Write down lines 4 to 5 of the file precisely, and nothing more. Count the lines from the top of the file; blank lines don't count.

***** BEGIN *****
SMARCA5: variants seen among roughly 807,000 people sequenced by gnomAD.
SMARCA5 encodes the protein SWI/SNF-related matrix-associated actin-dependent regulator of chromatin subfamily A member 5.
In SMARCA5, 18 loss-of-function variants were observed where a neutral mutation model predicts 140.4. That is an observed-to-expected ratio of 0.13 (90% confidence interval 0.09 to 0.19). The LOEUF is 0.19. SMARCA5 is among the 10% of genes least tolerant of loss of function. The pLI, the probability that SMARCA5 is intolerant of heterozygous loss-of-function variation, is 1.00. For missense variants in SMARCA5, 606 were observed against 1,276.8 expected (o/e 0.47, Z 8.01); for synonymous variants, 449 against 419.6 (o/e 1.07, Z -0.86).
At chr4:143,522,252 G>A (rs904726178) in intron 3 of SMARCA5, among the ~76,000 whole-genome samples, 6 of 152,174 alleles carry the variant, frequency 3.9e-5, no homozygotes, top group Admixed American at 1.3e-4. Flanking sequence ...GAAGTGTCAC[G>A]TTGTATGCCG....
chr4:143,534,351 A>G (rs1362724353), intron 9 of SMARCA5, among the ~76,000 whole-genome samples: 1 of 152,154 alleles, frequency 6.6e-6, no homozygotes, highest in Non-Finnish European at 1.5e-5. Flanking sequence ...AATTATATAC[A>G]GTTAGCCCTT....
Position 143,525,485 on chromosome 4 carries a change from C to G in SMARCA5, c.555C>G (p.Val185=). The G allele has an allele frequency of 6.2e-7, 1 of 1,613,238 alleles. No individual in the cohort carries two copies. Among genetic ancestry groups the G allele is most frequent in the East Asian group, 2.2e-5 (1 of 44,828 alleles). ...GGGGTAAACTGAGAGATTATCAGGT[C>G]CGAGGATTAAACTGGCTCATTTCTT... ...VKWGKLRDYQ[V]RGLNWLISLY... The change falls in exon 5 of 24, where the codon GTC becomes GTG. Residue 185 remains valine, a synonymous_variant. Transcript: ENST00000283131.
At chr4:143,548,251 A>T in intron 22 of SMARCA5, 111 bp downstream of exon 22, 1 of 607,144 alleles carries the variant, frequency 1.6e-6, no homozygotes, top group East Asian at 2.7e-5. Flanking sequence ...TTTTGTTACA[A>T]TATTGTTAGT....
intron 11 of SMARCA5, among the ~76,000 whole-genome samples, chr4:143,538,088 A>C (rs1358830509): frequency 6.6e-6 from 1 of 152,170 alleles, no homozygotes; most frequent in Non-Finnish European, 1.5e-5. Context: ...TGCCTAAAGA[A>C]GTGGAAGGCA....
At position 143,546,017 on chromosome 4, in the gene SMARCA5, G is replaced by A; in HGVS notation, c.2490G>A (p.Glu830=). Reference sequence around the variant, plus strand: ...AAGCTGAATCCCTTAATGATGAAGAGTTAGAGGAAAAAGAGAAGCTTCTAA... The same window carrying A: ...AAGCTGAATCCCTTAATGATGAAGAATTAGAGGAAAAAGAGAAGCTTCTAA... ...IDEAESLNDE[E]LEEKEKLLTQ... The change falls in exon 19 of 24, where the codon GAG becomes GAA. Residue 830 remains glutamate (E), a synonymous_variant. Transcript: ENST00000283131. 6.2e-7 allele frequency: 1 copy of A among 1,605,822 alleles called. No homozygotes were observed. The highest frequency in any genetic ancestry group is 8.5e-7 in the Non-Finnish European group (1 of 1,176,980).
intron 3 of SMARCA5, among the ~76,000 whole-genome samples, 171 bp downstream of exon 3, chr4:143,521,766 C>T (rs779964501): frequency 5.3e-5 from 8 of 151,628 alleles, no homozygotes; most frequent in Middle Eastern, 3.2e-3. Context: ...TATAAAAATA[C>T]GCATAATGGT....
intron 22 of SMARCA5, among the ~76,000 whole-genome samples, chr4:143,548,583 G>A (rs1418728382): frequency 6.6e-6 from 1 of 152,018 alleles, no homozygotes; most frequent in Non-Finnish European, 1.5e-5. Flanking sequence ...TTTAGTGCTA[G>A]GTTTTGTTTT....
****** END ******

At chr4:143,522,252 G>A (rs904726178) in intron 3 of SMARCA5, among the ~76,000 whole-genome samples, 6 of 152,174 alleles carry the variant, frequency 3.9e-5, no homozygotes, top group Admixed American at 1.3e-4. Flanking sequence ...GAAGTGTCAC[G>A]TTGTATGCCG....
chr4:143,534,351 A>G (rs1362724353), intron 9 of SMARCA5, among the ~76,000 whole-genome samples: 1 of 152,154 alleles, frequency 6.6e-6, no homozygotes, highest in Non-Finnish European at 1.5e-5. Flanking sequence ...AATTATATAC[A>G]GTTAGCCCTT....